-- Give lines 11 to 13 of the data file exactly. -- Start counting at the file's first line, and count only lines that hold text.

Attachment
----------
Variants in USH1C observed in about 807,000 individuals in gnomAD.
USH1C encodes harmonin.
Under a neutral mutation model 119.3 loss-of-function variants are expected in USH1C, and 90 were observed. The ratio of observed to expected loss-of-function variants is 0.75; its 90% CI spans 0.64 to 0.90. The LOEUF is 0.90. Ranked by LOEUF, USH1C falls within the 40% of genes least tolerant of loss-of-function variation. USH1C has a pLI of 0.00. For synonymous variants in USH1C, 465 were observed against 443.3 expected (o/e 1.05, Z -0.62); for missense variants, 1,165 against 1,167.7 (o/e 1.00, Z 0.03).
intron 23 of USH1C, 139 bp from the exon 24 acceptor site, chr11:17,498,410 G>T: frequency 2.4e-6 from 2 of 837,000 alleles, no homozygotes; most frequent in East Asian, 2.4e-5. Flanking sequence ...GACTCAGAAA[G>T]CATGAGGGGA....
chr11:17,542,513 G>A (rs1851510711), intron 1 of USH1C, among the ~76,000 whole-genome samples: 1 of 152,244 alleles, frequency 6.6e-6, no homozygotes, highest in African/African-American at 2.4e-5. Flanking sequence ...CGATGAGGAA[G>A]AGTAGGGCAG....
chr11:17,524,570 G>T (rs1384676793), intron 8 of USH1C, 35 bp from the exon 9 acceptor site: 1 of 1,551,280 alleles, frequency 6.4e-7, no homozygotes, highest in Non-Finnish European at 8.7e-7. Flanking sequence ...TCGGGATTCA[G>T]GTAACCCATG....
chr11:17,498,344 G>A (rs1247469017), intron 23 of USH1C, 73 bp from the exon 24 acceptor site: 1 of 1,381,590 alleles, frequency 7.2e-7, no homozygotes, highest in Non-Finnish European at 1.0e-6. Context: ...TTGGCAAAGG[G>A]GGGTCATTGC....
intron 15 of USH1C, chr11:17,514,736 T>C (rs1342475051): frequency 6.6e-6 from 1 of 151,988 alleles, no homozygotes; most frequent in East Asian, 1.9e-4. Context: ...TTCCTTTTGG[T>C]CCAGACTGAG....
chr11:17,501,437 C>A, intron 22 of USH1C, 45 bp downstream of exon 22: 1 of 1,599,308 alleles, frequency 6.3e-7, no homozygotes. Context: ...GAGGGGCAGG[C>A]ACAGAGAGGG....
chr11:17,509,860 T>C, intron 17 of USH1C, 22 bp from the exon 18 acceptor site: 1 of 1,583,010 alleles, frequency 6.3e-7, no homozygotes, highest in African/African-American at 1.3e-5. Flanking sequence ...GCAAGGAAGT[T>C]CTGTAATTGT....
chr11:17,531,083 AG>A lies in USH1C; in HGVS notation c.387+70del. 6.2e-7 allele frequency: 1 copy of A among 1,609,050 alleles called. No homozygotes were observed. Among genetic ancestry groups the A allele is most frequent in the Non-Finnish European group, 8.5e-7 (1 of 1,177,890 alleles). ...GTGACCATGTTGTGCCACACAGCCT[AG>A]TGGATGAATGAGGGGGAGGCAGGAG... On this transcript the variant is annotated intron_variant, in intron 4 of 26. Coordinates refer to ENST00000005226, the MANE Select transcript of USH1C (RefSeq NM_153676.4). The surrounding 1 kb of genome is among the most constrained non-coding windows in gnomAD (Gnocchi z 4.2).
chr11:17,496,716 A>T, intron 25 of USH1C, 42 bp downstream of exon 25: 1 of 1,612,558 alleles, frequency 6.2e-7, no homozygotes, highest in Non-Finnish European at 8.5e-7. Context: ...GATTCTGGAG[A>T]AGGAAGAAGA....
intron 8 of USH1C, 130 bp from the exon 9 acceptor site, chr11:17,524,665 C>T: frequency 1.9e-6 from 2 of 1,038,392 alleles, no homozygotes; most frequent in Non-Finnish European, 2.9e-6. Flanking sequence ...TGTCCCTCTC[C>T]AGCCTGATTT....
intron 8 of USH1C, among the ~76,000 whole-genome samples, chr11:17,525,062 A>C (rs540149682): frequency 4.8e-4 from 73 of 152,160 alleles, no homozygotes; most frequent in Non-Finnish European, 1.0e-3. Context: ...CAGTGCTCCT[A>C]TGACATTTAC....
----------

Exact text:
chr11:17,531,083 AG>A lies in USH1C; in HGVS notation c.387+70del. 6.2e-7 allele frequency: 1 copy of A among 1,609,050 alleles called. No homozygotes were observed. Among genetic ancestry groups the A allele is most frequent in the Non-Finnish European group, 8.5e-7 (1 of 1,177,890 alleles). ...GTGACCATGTTGTGCCACACAGCCT[AG>A]TGGATGAATGAGGGGGAGGCAGGAG... On this transcript the variant is annotated intron_variant, in intron 4 of 26. Coordinates refer to ENST00000005226, the MANE Select transcript of USH1C (RefSeq NM_153676.4). The surrounding 1 kb of genome is among the most constrained non-coding windows in gnomAD (Gnocchi z 4.2).
chr11:17,496,716 A>T, intron 25 of USH1C, 42 bp downstream of exon 25: 1 of 1,612,558 alleles, frequency 6.2e-7, no homozygotes, highest in Non-Finnish European at 8.5e-7. Context: ...GATTCTGGAG[A>T]AGGAAGAAGA....
intron 8 of USH1C, 130 bp from the exon 9 acceptor site, chr11:17,524,665 C>T: frequency 1.9e-6 from 2 of 1,038,392 alleles, no homozygotes; most frequent in Non-Finnish European, 2.9e-6. Flanking sequence ...TGTCCCTCTC[C>T]AGCCTGATTT....